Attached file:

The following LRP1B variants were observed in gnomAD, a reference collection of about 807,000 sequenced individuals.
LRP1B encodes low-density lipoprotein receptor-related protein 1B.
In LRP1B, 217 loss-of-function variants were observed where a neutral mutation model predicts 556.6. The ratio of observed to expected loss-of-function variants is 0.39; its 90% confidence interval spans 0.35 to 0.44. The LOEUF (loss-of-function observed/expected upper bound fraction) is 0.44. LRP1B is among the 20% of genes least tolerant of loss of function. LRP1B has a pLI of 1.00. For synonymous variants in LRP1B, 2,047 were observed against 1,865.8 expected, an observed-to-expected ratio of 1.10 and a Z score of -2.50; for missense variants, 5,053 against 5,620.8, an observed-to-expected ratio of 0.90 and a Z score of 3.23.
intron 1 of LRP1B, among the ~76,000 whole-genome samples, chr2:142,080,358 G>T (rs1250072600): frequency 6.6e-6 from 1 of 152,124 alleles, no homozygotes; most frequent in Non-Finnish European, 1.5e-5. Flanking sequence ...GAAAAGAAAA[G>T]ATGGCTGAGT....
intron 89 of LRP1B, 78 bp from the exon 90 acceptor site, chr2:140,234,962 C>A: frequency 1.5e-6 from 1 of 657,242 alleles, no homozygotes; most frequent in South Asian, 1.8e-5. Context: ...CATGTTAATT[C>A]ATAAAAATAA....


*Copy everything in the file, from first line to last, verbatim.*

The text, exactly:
The following LRP1B variants were observed in gnomAD, a reference collection of about 807,000 sequenced individuals.
LRP1B encodes low-density lipoprotein receptor-related protein 1B.
In LRP1B, 217 loss-of-function variants were observed where a neutral mutation model predicts 556.6. The ratio of observed to expected loss-of-function variants is 0.39; its 90% confidence interval spans 0.35 to 0.44. The LOEUF (loss-of-function observed/expected upper bound fraction) is 0.44. LRP1B is among the 20% of genes least tolerant of loss of function. LRP1B has a pLI of 1.00. For synonymous variants in LRP1B, 2,047 were observed against 1,865.8 expected, an observed-to-expected ratio of 1.10 and a Z score of -2.50; for missense variants, 5,053 against 5,620.8, an observed-to-expected ratio of 0.90 and a Z score of 3.23.
intron 1 of LRP1B, among the ~76,000 whole-genome samples, chr2:142,080,358 G>T (rs1250072600): frequency 6.6e-6 from 1 of 152,124 alleles, no homozygotes; most frequent in Non-Finnish European, 1.5e-5. Flanking sequence ...GAAAAGAAAA[G>T]ATGGCTGAGT....
intron 89 of LRP1B, 78 bp from the exon 90 acceptor site, chr2:140,234,962 C>A: frequency 1.5e-6 from 1 of 657,242 alleles, no homozygotes; most frequent in South Asian, 1.8e-5. Context: ...CATGTTAATT[C>A]ATAAAAATAA....